The App Store is no different than something like steam. All that happened is apple released their own hardware to accompany the store.
Kudos to Epic for making so many people think, Apple is the bad guy here . Like seriously, they don’t even have to justify themselves, people play right into their hands.
I think that in arguing the App Store is an effective monopoly Epic will be probably be vindicated. I think it meets that definition by most scores and some of their policies are open to legal query – especially if the App store is seen as a monopoly.
However, I think that everyone needs to be realistic about what the outcome is likely to be. @alexybubble talks about the idea that Nintendo (and Apple/Sony/Microsoft) will effectively be forced to allow installation of a “homebrew” channel (so we can all play “legitimate homebrew” – without hacking our consoles). I don’t see this as remotely likely.
It isn’t a case of the current status quo versus a free for all. If Apple are found to be running a monopoly they could get around this by allowing 2-3 rival stores to open on iOS. They could even have a bidding process for companies who want to operate a store front. Any storefront would itself have to abide by a set of very stringent rules (to prevent outright piracy and criminal use).
The end result would likely be a very slight lowering of fees and a very slight liberalisation of the rules but… most people wouldn’t notice a thing and most companies wouldn’t benefit at all.
Another thing that could happen (that I expect is more likely to happen, either as an alternative legal compromise to rival stores or possibly alongside them) is that companies like Epic (and Microsoft with GamePass) say that you need to pay a one off fixed cost or a monthly premium on top of your regular subscription to enable the content you pay for elsewhere to be played on iOS. Apple sets a minimum premium, the publisher pays Apple a cut for that premium but Apple loses the rights to claim a full cut for all other micro-transactions/the full value of the subscription.
I was selected a few weeks ago for a jury trial on a assault case that lasted 4 days. As much as I hate jury duty (my 3rd case in 5 calls and I’m 36! So annoying!) I wouldn’t mind being selected for this trial. Would be very interesting to see how the attorneys select the jury on this one. Between young people that play Fortnite and older people who’s kids that play it too much…would be a challenge to find the juror in each of their favors.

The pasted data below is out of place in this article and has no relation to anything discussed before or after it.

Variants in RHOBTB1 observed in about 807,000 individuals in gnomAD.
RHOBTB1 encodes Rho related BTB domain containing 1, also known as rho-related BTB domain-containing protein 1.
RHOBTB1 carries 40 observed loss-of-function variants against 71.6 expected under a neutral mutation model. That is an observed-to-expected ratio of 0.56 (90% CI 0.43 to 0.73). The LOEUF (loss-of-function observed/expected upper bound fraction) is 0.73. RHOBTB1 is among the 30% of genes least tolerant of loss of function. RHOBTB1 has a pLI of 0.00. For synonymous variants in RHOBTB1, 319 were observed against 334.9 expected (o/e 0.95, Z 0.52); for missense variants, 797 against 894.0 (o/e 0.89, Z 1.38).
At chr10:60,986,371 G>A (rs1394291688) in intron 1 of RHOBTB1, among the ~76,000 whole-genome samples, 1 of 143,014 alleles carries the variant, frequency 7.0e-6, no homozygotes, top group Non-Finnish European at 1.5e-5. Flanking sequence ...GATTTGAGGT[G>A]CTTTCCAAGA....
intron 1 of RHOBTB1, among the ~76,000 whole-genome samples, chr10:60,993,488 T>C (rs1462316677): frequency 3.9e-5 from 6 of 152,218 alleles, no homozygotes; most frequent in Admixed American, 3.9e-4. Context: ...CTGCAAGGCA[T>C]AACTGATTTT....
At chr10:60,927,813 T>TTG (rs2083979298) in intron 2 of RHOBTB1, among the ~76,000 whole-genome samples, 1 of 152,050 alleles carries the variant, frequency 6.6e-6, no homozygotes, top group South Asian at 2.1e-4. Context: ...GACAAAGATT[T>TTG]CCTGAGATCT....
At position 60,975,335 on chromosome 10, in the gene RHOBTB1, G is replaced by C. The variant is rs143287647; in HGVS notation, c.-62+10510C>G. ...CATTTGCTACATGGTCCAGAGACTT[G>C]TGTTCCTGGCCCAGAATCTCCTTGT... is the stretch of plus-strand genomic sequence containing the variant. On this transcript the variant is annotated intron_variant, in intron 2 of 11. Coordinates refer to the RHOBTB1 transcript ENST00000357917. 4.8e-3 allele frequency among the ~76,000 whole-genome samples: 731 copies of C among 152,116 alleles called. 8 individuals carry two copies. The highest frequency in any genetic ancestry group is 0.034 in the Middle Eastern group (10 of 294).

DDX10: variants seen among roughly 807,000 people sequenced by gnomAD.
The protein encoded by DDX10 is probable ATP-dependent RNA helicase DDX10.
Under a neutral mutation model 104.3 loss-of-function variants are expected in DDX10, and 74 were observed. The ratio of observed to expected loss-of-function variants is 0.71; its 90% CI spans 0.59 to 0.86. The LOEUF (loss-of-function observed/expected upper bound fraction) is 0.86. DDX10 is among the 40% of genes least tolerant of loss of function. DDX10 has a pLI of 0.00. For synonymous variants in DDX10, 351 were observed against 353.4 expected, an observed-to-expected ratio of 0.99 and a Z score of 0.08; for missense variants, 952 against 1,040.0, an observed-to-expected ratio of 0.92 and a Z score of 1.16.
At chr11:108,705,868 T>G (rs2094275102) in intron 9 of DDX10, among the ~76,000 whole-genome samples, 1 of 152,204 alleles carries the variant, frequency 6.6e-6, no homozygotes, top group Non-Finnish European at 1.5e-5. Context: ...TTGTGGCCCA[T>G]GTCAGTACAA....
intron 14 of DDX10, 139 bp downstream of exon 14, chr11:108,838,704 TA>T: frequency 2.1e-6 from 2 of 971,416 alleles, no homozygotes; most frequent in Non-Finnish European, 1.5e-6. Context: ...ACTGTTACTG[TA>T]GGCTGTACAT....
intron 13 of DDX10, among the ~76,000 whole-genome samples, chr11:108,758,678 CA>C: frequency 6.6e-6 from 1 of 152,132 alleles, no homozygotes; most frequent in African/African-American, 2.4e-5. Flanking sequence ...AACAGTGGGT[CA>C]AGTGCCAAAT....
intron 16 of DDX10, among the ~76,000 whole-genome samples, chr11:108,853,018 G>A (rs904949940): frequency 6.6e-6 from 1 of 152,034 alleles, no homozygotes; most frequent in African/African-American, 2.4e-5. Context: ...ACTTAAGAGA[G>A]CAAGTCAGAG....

I’m kinda salty that people want Epic to suffer, Fortnite is a very WELL created game with great amounts of content. Sure, they may have been a bit greedy but that goes for both sides.
@StuTwo the monopoly argument is blown up by android phones. It would be like arguing a store has a monopoly over what’s in their particular store, ignoring all the competing stores.
@DAHstroy epic has been involved in blatant breeches of contract on numerous accounts not just here but in their other practices. They’re now trying to argue in court that they should be allowed to break any rule or agreement they want with no consequences.
@Yorumi I hear you bro, but if you think other companies aren’t doing the same thing, you’re wrong.
@Rexenoboy MS doesn’t take a cut on PC though, and if you self published all the money is yours.
@alexybubble They will never be able to force Nintendo to allow unassigned code to run on their OS as it opens up far too many doors for hackers and other nefarious things to happen to people.
@Jokerwolf Tell me, how is what Apple is doing any different from what Nintendo, Sony or Xbox is doing on their platforms? Why is it OK for Nintendo to take 30% of sales but not Apple?Microsoft Windows is an outlier but that doesn’t make it the rule. We should be happy Microsoft allows any shop on Windows at all aside from their own Microsoft Store, but we shouldn’t take it for granted.
@okeribok the US is basically half the console market. It’s not near half the gaming market, but globally that market has a lot more PC/Mobile share.
Its unlikely that Epic will win, but make no mistake, no console will survive if they can’t control the distribution and royalties on their closed ecosystems in the US.
Taking a 30% cut from all games and can’t improve discoverability on eshop? Do I have that right?
Although, nintendo did take the massive financial risk creating the console – maybe also a fair point?
At first glance, 30% sounds a bit high. Although, I’m not sure what fair is, so I’m not making judgment.
@Yorumi I understand what you’re saying but I’m not so sure I agree. Between Apple and Android there is clearly a duopoly but the Google Play store clearly takes its cues very directly from the App store (which is clearly dominant in terms of revenue).
@Rexenoboy I get what you’re saying but they’re never going to open up the OS to everybody to run unassigned code that just leads way too many people vulnerable to credit card attacks and a plethora of other things. I agree the 30% is really steep and needs to change but you can’t take control of their platform fully away from them when they’re the ones who created it.
@Jokerwolf It seems I had your first response to my comment wrong and we’re in agreement after all.
I just wanna know why Apple NEED 30% of what completely separate companies makeAnd why taking less would damage the company